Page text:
“Researchers have the responsibility to explain these phenomena and get out of the competition to “who gets it right” in terms of the result of the election. Using these “hits” as a communication strategy is always a double-edged sword as the results may not be as “good” in the next election. What we must assure the users of our surveys is HONESTY and above all TRANSPARENCY about how the data were obtained: publishing detailed data sheets, not publishing sampling error margins when the samples are not probabilistic, and always showing the limitations of the tool.
“The challenge then is not how to make surveys more accurate - which will probably never be achieved if they are intended to predict the result - but how to ensure that politicians, journalists, and businesses do not demand of this tool something it will never be able to be: an oracle.”
You’ve long been involved with ESOMAR - why do you see that as important?
“I strongly believe in the exchange of knowledge, in the collaboration between colleagues from different countries and different specialties, in the ability of professional associations to disseminate, defend and enhance our activity, and in belonging to a community. ESOMAR has given me access to all of this.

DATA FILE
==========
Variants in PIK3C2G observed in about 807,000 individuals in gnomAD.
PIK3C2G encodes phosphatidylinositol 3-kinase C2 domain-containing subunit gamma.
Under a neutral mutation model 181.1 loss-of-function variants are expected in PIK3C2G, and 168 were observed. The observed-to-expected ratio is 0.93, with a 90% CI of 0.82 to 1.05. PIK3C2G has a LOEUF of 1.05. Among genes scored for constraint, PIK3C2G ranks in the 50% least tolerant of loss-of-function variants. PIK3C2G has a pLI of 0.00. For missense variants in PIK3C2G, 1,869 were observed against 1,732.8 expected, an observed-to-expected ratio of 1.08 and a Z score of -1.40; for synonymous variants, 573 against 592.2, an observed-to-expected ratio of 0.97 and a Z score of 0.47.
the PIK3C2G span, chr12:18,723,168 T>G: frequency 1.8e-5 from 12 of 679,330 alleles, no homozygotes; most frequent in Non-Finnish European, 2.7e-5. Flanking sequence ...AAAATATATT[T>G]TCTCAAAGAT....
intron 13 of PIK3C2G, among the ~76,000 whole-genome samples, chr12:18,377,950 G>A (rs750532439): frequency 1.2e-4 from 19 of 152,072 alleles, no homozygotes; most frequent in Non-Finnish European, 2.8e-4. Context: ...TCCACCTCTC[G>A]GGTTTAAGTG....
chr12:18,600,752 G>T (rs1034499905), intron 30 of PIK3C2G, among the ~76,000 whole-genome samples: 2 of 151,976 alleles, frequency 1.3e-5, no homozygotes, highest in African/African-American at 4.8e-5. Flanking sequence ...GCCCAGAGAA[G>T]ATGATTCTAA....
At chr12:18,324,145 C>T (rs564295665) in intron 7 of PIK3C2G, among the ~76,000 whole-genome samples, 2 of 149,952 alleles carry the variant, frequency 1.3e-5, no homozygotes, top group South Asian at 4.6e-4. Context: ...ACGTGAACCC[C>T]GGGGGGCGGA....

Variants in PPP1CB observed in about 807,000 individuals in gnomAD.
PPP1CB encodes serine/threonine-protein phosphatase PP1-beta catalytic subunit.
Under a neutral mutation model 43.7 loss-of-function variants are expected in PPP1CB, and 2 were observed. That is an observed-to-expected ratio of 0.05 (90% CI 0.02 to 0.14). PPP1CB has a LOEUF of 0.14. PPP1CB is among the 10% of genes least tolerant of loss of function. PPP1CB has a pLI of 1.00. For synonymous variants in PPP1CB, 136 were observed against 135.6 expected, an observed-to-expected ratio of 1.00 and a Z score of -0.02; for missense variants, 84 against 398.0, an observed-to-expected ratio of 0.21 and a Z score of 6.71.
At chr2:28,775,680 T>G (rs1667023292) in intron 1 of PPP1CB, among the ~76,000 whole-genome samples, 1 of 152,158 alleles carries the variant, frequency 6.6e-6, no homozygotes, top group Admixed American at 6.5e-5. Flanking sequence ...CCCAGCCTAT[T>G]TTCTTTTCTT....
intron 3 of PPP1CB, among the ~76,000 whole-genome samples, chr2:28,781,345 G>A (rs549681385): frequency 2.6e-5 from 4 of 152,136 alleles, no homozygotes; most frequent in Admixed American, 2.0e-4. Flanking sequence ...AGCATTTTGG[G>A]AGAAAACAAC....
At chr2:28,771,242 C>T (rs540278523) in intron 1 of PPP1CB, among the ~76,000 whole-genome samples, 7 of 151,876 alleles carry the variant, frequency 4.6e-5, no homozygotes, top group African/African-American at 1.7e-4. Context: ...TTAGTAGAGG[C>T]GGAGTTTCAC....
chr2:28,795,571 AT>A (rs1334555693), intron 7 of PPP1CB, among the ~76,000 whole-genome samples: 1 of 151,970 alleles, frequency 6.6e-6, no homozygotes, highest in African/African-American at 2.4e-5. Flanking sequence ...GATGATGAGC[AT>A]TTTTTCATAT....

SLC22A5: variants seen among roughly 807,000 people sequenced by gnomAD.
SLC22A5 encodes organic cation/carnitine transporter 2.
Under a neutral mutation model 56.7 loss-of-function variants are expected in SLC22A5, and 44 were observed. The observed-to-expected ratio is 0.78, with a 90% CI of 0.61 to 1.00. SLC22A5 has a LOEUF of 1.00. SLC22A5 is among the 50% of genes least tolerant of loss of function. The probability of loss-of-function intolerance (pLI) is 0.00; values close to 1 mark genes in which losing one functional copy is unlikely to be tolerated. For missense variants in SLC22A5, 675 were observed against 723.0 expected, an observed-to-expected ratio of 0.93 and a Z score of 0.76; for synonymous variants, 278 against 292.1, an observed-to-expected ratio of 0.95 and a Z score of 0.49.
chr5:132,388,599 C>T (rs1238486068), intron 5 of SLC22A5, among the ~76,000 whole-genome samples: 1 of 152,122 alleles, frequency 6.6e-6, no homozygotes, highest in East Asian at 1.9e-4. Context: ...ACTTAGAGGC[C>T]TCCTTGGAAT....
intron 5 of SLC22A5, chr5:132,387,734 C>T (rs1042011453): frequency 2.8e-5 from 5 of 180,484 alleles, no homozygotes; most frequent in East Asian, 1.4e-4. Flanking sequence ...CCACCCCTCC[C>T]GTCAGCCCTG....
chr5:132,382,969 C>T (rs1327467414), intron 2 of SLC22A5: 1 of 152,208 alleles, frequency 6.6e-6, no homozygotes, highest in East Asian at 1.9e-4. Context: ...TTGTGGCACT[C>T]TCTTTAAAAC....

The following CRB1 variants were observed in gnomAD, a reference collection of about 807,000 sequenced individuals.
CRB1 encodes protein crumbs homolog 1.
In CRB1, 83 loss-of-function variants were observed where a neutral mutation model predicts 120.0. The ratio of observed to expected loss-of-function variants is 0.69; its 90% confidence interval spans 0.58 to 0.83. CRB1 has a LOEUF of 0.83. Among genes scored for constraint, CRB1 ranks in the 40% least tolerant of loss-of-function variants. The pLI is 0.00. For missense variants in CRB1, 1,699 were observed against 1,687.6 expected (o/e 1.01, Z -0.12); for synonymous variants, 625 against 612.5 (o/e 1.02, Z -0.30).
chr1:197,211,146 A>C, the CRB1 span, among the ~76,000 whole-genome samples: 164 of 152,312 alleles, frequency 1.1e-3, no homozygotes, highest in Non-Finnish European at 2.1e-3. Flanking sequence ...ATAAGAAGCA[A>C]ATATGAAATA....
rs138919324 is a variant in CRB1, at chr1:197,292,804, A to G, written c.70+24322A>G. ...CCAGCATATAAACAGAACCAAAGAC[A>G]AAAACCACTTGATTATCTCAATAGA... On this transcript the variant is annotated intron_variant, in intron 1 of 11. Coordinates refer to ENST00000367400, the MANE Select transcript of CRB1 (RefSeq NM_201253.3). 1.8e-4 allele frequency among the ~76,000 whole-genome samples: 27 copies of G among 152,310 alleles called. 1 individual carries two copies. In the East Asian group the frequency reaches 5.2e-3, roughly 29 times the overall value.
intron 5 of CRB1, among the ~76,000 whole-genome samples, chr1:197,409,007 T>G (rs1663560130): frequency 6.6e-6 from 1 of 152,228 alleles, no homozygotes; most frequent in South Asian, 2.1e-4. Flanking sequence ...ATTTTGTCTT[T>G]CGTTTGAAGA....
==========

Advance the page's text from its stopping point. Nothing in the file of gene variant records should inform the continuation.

“Thanks to ESOMAR I started exporting services 20 years ago, I discovered new research methodologies, I got clients and technology suppliers, and above all, I made excellent friends around the world. How can I not consider it important? My way of returning all this is to work as a Council Member.”
What do you see as the biggest challenges facing our profession and how will we overcome them?
“Build bridges towards the professionals of the “data sciences” understanding what they do, explaining to them what we do, and looking for ways of collaborating which in turn means better business for both of us.
“To link up much more with academia in each and every country, to collaborate in the training of new generations of professionals, and to motivate them to become enthusiastic about our activity.
“To give credibility to our profession, not only for the quality of the information we generate, but above all for a greater emphasis on ETHICS in the handling of data and TRANSPARENCY in our processes.
“To clearly distinguish what is market research from what is simply the creation of personal databases or sales. To give greater added value to our work, which should be less and less a simple production of information and more and more consulting to help our clients make decisions.”
“The technology race should not be the Holy Grail in opinion and market research. No artificial intelligence model can (still) explain the irrationality of consumer or citizen voting behavior.”
Thank you Alain – wise words indeed. As the world becomes smaller and more closely knit, largely due to technological advancements, we should heed Alain’s advice. Professionals in research and beyond should be careful as to not get so reliant and wrapped up in technology that it reduces the importance of individual expertise to drive results. Innovation is important to driving the industry forward, but not at the cost of the quality or reliability of research.